Matching DNA and personality types
One of the desktops that is nearly as well polished, and therefore worth Unity fans considering, is the not-quite-as-new-kid on the block, Elementary OS.
Elementary OS actually began in 2011 as a theme for Ubuntu. It has evolved well beyond that now, with its own homegrown desktop environment dubbed Pantheon, 13 custom apps, and a distinct and very nice set of custom icons and themes. Under the hood it’s still very much Ubuntu/Debian, so all the commands and basic apps you’re used to will be there, even if you have to install them yourself. The Ubuntu/Debian underpinning also means you get the security and stability of those projects.
I’ve tested Elementary OS quite a bit over the last few years and I can say that, if you were put off by the bugginess of early releases, it’s worth another look. The latest release, called Loki, has been very stable in my testing and features some really nice homegrown apps. The Elementary OS team is very good at getting the core of an app right and then polishing up the details over time.
The Calendar app is awesome, though GNOME Calendar has improved lately, and the settings app Switchboard does a nice job of integrating Elementary-specific control panes with the few GNOME panes the project uses. And the file browser app offers something I still miss from way back in my OS X days – a column view.
That reminder of OS X is a common complaint about Elementary OS, though aside from the Files app – which very obviously apes OS X’s Finder (one of the better file browsers out there in my view) – most of Elementary OS does not strike me as OS X inspired. I find it more of a cross between Xfce and GNOME 2.x. Indeed the developers originally started working on it back when GNOME 3.x was announced. In that sense it really has more in common with MATE and Xfce than OS X.
Still, for a couple of reasons, Elementary OS seems to attract more than its fair share of haters. Some of it is because it’s been dubbed an OS X ripoff, which, again, it isn’t. There is, however, another thing that rubs many people, including me, the wrong way: the project’s “pay what you want” approach to downloads.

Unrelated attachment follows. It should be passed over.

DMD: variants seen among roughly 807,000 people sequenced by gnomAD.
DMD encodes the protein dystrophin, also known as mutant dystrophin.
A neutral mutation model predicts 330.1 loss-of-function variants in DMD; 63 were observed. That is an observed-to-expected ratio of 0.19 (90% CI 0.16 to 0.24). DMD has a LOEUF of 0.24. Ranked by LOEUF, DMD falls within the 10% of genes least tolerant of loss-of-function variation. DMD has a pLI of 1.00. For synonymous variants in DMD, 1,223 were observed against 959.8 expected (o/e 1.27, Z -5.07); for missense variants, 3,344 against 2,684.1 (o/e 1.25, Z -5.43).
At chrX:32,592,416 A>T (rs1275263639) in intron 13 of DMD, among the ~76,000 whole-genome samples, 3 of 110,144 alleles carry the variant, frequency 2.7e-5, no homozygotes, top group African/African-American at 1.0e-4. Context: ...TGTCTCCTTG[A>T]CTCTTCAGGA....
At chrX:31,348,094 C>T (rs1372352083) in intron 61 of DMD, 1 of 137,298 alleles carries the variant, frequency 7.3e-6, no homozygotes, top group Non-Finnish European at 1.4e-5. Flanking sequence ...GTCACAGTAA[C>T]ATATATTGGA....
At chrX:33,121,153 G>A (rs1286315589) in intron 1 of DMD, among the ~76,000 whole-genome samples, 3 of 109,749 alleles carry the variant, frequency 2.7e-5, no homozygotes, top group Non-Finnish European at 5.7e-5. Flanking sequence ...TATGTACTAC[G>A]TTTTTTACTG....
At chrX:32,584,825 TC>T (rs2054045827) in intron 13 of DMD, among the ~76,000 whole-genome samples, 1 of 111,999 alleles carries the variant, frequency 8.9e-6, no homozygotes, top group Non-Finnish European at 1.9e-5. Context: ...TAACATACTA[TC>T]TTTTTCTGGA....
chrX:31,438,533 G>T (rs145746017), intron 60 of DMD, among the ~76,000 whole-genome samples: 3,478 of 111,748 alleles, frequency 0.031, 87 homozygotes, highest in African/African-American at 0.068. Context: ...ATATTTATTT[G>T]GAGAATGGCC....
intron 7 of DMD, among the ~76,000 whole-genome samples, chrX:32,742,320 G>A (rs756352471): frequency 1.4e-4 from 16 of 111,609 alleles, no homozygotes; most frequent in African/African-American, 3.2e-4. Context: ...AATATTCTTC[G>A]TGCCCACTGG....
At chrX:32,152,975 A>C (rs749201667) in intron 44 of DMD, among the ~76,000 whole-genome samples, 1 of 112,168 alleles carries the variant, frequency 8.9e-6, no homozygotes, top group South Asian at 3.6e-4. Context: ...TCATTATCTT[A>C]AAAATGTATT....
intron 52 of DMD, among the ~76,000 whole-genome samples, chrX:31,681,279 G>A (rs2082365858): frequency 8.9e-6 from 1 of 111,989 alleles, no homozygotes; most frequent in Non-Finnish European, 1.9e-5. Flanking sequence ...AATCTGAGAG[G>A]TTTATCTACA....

When you go to the Elementary OS downloads page, the UI is designed such that it seems like you have to pay for the distro. If you want it for free you need to enter a zero and then hit download. I’ve called this a deceptive UI in the past and I stand by that. It is deliberately designed – by developers who very clearly understand design – to mislead you into paying.
There’s nothing wrong with charging for a product of course. Software under the GPL is free as in freedom – it doesn’t have to be free as in beer. The problem is how Elementary OS tries to get that money. I bring this up mainly because the latest release of Elementary OS, which arrived early this year, adds the project’s “pay what you want” approach to Elementary OS to applications in the distro’s App Center.
The same UI shows up in the App Center as well. There’s a suggested price (usually less than $3) and then a drop down menu if you want to give more to support the project. To get the app for free you need to type in a zero, at which point the button changes to “free.” Sigh.
Maybe it’s just me, but I find this UI irrationally irritating, because it implies that given a button that says “free” I would never choose to pay. To me that’s depressing in its assumption of the worst in humanity – that given a chance to get something for free we users would never pay for it.
It’s a shame because I think the idea of getting some money back into open-source development is a cause well worth supporting. Especially for small application developers who make wonderful pieces of software that are just not big enough or widely used enough to ever get corporate sponsorship or other popular open-source means of funding. In fact I think that solving this problem – how to compensate small developers for their efforts – is one of the biggest challenges facing the open-source world.
In that sense I’m very happy to see the Elementary OS developers doing something to help out. I happen to dislike the UI and experience, but I’m glad it’s out there because there are probably plenty of people who will think it’s just fine and will be happy to pay the developers behind that software. And that’s great news for developers and might even help draw more of them to Elementary OS. More developers would mean more apps for users, which is part of why it’s in your own best interest to put some money toward the software you use.
That said, developers who want payment must sign up via Elementary OS’s Developer Center. It is not, in other words, going to help them get paid outside Elementary OS.
It’ll be interesting to see what happens to Elementary OS apps, and how much the distro appeals to developers, as Snap packages and Flatpaks begin to become more common. Will developers want to put effort into something that’s only for one distro when there’s a packaging mechanism that reaches them all? Will Elementary OS’s efforts to get some money to developers make it upstream to GNOME?
What would be the best of both worlds is an application store for Flatpak/Snaps that features a pay what you want button next to a free button and worked on every distro.
Until that brave new world arrives, Elementary OS makes a very capable Linux with a very well-polished desktop and set of applications. Elementary OS gets even more impressive when you do a little digging and realize just how few developers are working on it. It outdoes some much larger distros in quite a few places; of course it does have that Ubuntu base to build on, whereas Ubuntu has to worry about design and, well, Ubuntu.
Still, if Ubuntu’s transition to GNOME isn’t for you, then the current Elementary OS release is well worth a look. It makes a very different, but similarly well thought out, replacement for Unity. ®